Jeffrey Millman, Ph.D., Washington University in St. Louis, opens his lab to local T1D families
Dr. Jeff Millman may not have a family connection with type 1 diabetes (T1D) but he does have a profound personal and professional commitment to curing it, thanks to the relationships he has built through the Greater Missouri and Southern Illinois Chapter of JDRF. “There’s a reason we do this research. It’s not just a purely academic exercise. Interacting with people who could potentially benefit from our work is so motivating,” Dr. Millman explains.
He and his research team participate in JDRF One Walk and developed an outreach program with the JDRF chapter in St. Louis. Local schoolchildren who have T1D visit his lab, along with their parents, and meet the researchers. “They get to ask questions, put on safety glasses and lab coats, and try some basic lab work. It’s really a lot of fun.” He designed the tours to pique the kids’ interest in a career or education in science, but they’ve proven popular with parents, too. “A lot of the parents had been walking with JDRF and raising money for T1D research for many years, but I don’t think any of them had toured a research lab before—they never actually saw research in action. They have really enjoyed seeing what research looks like and meeting the people they are supporting through JDRF.”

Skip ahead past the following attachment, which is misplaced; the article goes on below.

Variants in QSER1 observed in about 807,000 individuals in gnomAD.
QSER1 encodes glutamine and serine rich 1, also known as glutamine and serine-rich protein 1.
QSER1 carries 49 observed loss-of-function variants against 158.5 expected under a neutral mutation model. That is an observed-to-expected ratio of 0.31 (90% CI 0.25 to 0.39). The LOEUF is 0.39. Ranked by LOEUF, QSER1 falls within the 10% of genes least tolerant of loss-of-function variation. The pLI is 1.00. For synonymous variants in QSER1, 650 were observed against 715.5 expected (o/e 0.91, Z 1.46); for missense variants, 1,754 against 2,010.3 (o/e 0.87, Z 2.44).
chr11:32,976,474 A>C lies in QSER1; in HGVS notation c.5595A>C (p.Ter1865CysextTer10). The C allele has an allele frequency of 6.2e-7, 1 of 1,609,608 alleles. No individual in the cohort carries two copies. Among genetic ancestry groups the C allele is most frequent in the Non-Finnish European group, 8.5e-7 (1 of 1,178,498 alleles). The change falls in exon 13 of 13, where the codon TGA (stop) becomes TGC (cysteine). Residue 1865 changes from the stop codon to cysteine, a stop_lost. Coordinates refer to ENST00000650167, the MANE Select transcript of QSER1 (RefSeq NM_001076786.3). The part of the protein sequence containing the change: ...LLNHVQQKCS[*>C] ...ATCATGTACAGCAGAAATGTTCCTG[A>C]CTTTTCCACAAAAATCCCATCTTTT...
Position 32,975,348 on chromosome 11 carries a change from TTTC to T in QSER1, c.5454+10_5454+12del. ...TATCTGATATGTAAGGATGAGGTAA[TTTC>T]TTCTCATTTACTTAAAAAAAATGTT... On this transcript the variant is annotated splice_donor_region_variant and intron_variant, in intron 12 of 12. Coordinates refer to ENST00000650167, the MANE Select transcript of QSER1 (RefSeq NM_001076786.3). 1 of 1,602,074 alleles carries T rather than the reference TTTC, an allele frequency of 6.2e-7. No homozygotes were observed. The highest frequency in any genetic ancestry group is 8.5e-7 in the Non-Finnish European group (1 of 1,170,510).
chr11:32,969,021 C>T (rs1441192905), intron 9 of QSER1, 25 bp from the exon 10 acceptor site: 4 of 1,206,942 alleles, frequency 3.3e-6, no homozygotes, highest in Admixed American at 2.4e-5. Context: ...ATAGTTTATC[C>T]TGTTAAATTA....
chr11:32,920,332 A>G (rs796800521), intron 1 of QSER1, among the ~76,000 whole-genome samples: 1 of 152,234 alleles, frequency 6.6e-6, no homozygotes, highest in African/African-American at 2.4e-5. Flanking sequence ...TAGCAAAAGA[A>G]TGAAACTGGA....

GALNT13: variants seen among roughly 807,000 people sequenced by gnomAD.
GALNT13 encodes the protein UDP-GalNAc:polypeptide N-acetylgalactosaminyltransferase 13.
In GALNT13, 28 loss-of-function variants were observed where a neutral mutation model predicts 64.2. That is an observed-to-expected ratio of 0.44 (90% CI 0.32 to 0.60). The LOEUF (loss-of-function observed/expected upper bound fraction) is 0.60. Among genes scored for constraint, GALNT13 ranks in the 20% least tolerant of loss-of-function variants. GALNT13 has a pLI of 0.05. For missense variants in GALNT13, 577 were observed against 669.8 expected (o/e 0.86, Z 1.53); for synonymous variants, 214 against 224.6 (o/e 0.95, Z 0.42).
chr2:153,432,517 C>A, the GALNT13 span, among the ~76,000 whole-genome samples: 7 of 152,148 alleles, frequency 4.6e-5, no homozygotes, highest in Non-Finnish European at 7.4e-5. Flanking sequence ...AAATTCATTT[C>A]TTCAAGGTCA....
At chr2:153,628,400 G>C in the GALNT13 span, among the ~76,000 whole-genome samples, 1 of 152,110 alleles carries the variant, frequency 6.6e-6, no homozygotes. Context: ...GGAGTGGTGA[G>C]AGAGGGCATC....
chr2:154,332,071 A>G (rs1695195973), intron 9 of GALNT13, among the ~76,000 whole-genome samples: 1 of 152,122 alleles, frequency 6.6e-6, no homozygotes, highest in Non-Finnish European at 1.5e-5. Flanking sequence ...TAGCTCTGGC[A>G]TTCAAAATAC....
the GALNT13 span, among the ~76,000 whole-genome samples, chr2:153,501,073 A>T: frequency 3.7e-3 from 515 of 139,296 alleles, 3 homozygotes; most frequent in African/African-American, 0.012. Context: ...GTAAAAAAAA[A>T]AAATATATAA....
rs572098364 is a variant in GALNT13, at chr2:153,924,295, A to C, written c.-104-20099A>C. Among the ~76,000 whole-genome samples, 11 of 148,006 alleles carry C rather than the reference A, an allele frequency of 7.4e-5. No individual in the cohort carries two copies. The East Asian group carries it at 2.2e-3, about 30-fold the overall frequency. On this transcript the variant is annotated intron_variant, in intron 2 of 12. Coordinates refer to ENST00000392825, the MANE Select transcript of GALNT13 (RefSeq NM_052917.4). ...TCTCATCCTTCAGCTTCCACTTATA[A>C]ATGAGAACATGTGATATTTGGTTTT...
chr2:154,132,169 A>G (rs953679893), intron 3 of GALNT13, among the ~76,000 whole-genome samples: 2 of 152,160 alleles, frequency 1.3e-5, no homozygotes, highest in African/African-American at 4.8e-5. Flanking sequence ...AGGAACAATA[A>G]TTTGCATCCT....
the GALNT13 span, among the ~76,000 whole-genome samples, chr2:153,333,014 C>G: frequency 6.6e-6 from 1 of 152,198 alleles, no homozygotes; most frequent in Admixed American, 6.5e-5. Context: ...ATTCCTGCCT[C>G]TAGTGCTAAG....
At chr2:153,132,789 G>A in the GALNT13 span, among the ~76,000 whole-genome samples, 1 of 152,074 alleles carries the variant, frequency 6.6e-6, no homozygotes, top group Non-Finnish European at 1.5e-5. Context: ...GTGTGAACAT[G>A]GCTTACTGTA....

Dr. Millman’s lab is working on islet cell therapies, which he considers the future for T1D. “Short of preventing T1D from ever forming, which is something we’d all love to have happen, it is really the only therapy that would mean people don’t have to think about their diabetes on a day-to-day basis,” he says. Dr. Millman currently has a Career Development Award from JDRF, which provides five years of funding and the opportunity to collaborate with other JDRF-funded scientists through JDRF’s Encapsulation Consortium, a multi-disciplinary group of researchers focused on advancing cell therapies. “This award gives me the financial freedom to dedicate myself to T1D research, pushing this forward a lot faster, which is fantastic for all of us,” he says. “The reason I’m doing this research and working with JDRF is because I care deeply about a cure for T1D.”